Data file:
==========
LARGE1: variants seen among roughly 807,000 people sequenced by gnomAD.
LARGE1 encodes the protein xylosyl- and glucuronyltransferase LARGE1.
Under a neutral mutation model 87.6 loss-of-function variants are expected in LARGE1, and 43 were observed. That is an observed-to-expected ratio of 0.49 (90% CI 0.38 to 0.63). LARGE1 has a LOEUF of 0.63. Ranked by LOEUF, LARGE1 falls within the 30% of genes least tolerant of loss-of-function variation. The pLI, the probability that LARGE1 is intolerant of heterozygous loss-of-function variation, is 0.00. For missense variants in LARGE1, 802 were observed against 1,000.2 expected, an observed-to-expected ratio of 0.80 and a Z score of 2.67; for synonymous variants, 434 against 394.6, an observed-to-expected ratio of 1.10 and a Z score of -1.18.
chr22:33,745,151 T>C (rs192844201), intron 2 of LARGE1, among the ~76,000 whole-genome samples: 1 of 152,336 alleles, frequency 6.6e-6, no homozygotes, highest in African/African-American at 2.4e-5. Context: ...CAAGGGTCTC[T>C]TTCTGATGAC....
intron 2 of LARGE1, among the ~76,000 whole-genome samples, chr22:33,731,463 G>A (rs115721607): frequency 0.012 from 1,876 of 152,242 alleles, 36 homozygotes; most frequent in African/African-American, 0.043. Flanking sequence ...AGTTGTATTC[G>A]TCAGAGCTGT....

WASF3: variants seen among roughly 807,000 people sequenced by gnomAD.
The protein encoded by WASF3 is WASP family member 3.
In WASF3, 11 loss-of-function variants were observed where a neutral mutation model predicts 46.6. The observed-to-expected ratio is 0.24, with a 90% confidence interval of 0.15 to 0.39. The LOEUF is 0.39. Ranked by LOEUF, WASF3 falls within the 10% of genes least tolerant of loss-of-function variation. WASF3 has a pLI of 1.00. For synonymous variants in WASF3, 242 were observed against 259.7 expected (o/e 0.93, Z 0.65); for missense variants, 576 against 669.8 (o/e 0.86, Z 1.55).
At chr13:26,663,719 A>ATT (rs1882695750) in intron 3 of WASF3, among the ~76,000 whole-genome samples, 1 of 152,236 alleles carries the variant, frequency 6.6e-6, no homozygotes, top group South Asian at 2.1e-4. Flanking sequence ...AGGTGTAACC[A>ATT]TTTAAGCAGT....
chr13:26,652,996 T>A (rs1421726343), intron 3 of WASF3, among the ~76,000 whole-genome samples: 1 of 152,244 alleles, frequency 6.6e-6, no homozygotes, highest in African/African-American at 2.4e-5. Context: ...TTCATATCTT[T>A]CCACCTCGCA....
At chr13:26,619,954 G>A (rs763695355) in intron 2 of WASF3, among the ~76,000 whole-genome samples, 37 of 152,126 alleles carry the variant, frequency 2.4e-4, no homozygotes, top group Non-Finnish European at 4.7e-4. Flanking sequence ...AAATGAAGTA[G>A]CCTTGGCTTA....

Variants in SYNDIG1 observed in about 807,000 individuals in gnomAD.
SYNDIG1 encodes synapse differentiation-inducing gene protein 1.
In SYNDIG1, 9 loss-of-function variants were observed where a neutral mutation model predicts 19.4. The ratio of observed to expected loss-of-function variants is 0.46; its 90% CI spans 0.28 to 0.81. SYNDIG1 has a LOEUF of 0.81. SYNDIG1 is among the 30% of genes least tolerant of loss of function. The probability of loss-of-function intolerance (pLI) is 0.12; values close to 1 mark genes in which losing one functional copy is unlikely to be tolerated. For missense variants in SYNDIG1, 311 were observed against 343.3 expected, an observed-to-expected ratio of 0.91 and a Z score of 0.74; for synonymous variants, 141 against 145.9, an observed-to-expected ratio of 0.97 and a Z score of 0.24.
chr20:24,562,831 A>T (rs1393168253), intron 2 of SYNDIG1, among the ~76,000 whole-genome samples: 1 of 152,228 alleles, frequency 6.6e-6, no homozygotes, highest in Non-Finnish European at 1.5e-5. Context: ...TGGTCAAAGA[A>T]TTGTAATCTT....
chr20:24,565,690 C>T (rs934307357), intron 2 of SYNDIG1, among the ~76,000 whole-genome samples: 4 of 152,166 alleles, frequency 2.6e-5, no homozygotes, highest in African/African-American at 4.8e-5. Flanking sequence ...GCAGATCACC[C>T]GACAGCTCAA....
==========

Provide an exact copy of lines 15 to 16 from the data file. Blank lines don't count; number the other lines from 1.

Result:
chr20:24,562,831 A>T (rs1393168253), intron 2 of SYNDIG1, among the ~76,000 whole-genome samples: 1 of 152,228 alleles, frequency 6.6e-6, no homozygotes, highest in Non-Finnish European at 1.5e-5. Context: ...TGGTCAAAGA[A>T]TTGTAATCTT....
chr20:24,565,690 C>T (rs934307357), intron 2 of SYNDIG1, among the ~76,000 whole-genome samples: 4 of 152,166 alleles, frequency 2.6e-5, no homozygotes, highest in African/African-American at 4.8e-5. Flanking sequence ...GCAGATCACC[C>T]GACAGCTCAA....